Transportation refers to the movement of people and goods from one location to another. This movement is done via different modes like Air, Sea, Road, Rail, and even Space.
Transportation businesses due to ownership of fleets i.e. trucks, planes, ships, and other vehicles are often capital intensive and due to which we value them on basis of enterprise value to EBITDA comparables.
Swift Transportation and Knight transportation were the two largest transportation businesses in the USA with revenues of $4 bn and $1.2 bn respectively Swift & Knight decided to merge to create a $6 bn truck transportation behemoth.
As per the deal terms, Knight shares were valued at 46% and Swift shares at 54% of the Equity market value of the combined entity.
We calculate the net debt of both companies and subtract from the enterprise value of the combined entity which is 6 billion to get the market value as 4.9 billion.
Now we will calculate the market value of Knight & Swift independently and add back their respective net debts to obtain independent enterprise values.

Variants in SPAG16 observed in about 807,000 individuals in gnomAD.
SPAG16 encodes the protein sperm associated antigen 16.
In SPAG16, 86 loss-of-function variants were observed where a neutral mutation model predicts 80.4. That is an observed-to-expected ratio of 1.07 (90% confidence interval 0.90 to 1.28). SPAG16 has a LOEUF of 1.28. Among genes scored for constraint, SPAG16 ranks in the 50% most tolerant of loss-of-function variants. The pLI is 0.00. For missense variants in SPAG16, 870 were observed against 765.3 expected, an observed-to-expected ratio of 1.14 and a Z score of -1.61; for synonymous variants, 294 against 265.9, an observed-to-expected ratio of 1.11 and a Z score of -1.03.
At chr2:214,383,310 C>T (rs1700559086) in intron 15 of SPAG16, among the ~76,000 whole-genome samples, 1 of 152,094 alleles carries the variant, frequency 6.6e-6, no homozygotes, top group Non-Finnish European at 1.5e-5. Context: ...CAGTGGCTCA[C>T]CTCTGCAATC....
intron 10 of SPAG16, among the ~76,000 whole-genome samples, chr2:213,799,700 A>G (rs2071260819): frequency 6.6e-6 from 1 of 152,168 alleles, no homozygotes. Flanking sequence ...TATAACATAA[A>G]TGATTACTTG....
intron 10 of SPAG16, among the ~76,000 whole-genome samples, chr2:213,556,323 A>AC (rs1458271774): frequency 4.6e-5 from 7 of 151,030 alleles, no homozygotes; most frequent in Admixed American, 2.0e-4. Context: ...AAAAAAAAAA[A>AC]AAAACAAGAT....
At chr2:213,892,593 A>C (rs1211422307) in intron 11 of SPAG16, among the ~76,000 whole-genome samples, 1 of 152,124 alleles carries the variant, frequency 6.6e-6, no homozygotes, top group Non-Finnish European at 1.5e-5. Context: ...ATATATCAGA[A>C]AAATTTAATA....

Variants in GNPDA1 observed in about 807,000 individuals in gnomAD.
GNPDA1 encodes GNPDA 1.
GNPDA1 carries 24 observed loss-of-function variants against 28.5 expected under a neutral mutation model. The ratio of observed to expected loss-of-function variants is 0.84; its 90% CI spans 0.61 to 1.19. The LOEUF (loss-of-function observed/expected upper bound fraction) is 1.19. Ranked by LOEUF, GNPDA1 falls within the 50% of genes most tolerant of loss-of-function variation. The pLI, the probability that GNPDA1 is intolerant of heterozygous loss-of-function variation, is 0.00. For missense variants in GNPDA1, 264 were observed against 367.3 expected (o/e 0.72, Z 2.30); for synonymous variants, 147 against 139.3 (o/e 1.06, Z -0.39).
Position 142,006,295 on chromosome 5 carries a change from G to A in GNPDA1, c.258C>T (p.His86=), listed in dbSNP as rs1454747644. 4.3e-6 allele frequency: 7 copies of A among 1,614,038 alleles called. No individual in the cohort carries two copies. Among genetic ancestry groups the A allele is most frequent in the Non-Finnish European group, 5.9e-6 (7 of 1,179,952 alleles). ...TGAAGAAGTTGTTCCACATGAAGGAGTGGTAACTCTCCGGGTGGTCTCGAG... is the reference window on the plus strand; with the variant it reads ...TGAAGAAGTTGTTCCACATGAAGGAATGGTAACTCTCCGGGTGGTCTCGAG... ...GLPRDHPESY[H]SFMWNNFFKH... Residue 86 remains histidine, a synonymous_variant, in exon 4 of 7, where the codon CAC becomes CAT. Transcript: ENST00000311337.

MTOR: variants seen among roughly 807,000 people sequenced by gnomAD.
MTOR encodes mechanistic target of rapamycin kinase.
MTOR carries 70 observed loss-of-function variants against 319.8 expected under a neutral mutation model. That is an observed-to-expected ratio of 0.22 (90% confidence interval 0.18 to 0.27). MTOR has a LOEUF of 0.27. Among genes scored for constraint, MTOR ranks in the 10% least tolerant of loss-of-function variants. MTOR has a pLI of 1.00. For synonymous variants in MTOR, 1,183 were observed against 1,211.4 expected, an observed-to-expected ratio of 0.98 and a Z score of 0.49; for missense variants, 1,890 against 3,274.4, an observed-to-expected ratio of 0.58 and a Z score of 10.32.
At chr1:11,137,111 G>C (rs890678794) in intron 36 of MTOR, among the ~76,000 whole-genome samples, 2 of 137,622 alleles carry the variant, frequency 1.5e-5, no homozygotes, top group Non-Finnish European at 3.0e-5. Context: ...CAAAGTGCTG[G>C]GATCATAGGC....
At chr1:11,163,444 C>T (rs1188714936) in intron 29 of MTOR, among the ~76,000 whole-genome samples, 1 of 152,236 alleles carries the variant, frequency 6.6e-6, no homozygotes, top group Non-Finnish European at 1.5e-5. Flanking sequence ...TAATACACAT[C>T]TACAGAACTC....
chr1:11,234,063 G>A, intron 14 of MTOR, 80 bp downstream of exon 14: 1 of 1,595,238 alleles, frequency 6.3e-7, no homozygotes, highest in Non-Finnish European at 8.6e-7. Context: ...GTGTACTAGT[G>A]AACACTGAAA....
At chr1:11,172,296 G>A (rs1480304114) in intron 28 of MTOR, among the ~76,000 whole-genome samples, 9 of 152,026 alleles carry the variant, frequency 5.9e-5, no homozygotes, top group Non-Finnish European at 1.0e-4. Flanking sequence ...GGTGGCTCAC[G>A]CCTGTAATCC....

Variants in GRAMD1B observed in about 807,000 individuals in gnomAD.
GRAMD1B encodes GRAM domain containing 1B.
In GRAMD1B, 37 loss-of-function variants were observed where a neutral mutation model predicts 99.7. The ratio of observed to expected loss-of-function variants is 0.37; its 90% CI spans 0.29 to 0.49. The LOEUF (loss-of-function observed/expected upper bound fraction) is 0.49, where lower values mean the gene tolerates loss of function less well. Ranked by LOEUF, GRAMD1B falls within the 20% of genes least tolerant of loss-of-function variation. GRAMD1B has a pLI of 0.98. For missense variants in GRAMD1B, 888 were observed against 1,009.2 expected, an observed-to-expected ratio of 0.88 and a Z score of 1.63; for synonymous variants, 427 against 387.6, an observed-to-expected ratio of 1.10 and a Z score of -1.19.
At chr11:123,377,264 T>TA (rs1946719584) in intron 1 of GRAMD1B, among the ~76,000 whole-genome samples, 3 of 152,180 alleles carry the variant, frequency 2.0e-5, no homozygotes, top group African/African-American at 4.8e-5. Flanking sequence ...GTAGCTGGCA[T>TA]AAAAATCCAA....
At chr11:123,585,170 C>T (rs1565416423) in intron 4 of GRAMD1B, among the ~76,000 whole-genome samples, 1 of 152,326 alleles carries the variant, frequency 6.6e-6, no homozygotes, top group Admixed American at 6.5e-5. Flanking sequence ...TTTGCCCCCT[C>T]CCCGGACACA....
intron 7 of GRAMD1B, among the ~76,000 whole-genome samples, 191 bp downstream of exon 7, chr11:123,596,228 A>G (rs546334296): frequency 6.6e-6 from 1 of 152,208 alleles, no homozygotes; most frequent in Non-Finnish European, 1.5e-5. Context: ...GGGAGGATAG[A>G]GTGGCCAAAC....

By dividing with their respective EBITDA, we see that Swift was valued at 7 times and Knight at 8.4 times EBITDA
Why is Knight valued at a premium of 20%? From multiples of public trucking companies in the US at the time of the merger, we see that the market gives premium valuation to companies which have higher profitability margins and larger revenues
Swift with a 7.6% EBITDA margin is comparable to Arc Best and Celadon with multiples between 6.5 times to 6.8 times. But given its significant revenues, it’s 7 times multiple is reasonable
Knight with 24% EBITDA multiple is comparable to the trucking companies with double-digit margins and its valuation is also in line with the median valuation of high margin trucking businesses
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